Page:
Can you blame us — humans, for being obsessed with money? We are delicate creatures and money buys us the food, shelter, clothes, all absolutely essential to our survival. Without these, no question we would die. Beyond survival, money often buys us social status, prestige, power which on top of basic survival, usually ensure for thriving better and often having more choices and freedom in life than had we been poor.
But, and this is a big but, does that mean that our entire being, existence and purpose in life should be guided solely by this primitive survival instinct? Surely survival should be a major goal, but what kind and means to survival? At an era when agriculture is so advanced, when we have some welfare safety-net in place, can humanity take a breath and say — we know we can feed ourselves, there are other things, more complex things, more essential to our long term survival than our bank balances. Other things like, how does our accumulating income worsen our environment, the air we breathe, the trees we cut, the climate we change, the cancerous toxins we put around in the environment and actually, most of all — the sustainability of the social system we contribute to — the social system in which our children will live. Is it one where we prioritize education, innovation, talent, human resources efficiency, or do those come after our priority for a big check which will get us that big material thing?
Much is talked about the human condition. Arguably there might even not be one if we just understand why we crave money so badly — it used to ensure our survival and to an undeniable degree it still does. The argument that I am trying to make here is that there are more complex and more essential things to the human survival and simply prioritizing money accumulation is a short-sighted survival technique whose time has passed.
The stands we all more or less take on money, inevitably are based on our life experiences and background. Personally, just living in New York City has made me think a great deal about this topic. Although it might not be hard to see why, let me explain. As the unofficial capital of the world New York is open to cutting edge ideas, from business to art, while at the same time the mere demand for living space has been so harsh, especially on these very groundbreakers like artists, writers and entrepreneurs, before they brake the ground, if ever, and even after that. The safe middle, walking the walked road is the most financially sustainable way of short-term living, but not the most sustainable way for human progress. So I have been faced with these living choices, and I (as most of us!) see people who make them, trying to decide — what way of life is more right? Of course, right for whom, and right for when. Appropriate might be a better word. This seem as a fairly complex question. But cracked down, from the perspective of history and time, we have learned that humans do need to prioritize progress, social, economic, cultural — you name it, fueled by individual’s liberties on all levels — progress is what has helped humanity survive better. When that is clear, then I can say that the pursuit of solely, or mostly money often stands on the way of progress. This can be a political statement or with political implications, but my foremost concern is what implications this has on everyday social life, human life — in New York where my child and I live and in the world.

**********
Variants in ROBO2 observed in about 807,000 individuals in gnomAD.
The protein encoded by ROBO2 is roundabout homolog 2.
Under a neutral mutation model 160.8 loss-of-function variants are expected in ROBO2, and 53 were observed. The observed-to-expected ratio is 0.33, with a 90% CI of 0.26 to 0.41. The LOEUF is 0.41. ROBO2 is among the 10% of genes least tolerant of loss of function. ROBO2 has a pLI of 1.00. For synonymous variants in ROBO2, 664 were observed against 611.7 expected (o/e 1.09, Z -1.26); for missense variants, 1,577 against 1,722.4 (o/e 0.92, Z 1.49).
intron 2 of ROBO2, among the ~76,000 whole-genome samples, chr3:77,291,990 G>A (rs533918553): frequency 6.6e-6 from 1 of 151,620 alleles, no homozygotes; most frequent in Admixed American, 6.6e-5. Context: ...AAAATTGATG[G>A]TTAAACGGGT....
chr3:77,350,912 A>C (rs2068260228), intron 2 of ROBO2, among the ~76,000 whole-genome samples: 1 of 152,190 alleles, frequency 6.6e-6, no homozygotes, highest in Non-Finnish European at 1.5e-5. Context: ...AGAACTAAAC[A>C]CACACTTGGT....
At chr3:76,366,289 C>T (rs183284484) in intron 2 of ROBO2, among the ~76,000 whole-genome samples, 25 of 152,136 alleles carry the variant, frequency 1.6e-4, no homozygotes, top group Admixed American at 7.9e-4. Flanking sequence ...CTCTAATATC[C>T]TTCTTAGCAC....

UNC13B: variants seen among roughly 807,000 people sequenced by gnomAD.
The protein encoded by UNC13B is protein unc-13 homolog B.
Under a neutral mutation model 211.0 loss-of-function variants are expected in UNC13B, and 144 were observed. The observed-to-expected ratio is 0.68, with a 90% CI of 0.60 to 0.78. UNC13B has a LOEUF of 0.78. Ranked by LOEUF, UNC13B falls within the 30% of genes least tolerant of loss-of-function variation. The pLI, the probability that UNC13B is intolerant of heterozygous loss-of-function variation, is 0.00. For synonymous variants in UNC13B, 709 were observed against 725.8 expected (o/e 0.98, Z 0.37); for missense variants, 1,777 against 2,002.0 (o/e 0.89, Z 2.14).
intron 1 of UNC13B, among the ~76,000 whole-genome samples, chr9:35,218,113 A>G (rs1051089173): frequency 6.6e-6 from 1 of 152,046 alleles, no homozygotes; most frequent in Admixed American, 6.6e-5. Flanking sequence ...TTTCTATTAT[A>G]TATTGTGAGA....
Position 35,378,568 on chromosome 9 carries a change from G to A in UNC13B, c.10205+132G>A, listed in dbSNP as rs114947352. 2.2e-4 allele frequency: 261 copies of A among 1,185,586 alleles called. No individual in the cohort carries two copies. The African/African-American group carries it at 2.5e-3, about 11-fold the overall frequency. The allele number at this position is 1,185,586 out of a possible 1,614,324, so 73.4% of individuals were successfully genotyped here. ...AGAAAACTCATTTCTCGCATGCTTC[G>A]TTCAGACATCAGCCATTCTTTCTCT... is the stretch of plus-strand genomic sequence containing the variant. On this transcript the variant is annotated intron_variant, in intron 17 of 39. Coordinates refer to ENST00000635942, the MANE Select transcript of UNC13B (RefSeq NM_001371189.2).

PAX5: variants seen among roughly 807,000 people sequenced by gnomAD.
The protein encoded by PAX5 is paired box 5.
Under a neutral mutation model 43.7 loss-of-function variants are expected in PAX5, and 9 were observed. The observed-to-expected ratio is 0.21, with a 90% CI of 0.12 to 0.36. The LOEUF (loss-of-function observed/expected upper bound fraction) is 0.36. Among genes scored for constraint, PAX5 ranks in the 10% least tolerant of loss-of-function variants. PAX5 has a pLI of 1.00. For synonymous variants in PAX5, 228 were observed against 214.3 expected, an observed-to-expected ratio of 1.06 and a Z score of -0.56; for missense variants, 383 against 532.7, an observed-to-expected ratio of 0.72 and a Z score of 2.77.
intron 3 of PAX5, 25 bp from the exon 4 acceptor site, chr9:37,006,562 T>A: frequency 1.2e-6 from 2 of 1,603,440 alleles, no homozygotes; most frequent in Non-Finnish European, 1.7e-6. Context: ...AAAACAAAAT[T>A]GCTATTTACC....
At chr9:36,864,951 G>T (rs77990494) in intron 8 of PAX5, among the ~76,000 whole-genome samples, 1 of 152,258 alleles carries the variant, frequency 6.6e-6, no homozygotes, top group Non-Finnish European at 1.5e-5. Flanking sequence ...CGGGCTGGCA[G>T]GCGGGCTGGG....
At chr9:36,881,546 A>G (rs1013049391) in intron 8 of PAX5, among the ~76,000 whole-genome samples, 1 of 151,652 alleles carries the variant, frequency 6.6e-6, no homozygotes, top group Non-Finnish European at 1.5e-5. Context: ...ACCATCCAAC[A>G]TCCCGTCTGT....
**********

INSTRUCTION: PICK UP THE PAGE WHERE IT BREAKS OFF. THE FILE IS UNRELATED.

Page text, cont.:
And progress is multidimensional — it takes into account the effects our priorities and everyday decisions have on our city, state, planet. It also takes into account what effect our priorities and decisions in life have on the social infrastructure, system that our children and grandchildren will be part of i.e. do our decisions prioritize and promote self-sustainability and improvement? Or, are our decisions shortsightedly looking for a slice of a pie without consideration how and if that pie can be made again, or how it can be increased or improved. Am I asking for too much? Is this too idealistic? I think when one looks at the resources, scientific, urban, financial, and foremost human of say NYC in specific, I do not think this is unrealistic.
This is the first year, for instance, the new mayor of New York, Bill de Blasio announced a free pre-K programs for toddlers in the city. To me that sounds like an idealistic dream come true, and why not. That is a decision which in practice will put mostly young women, mothers in their prime years of creativity, at work, or in school. What a gain for the present and the future of those children, society and humanity! This is one progressive example out of many and my argument is that not only the poor but entire society, as a whole, gains so much when the pursuit for money is not our only or primary decision making principle. We are complex, sophisticated beings and it is time we have sophisticated social measures rather than mere income as a development measure. I look forward to businesses and individuals using democratically-evolving decision making guides, or standards, named for instance “Of benefit To Humanity”, and the future of our children.
By Evangelina Cifliganec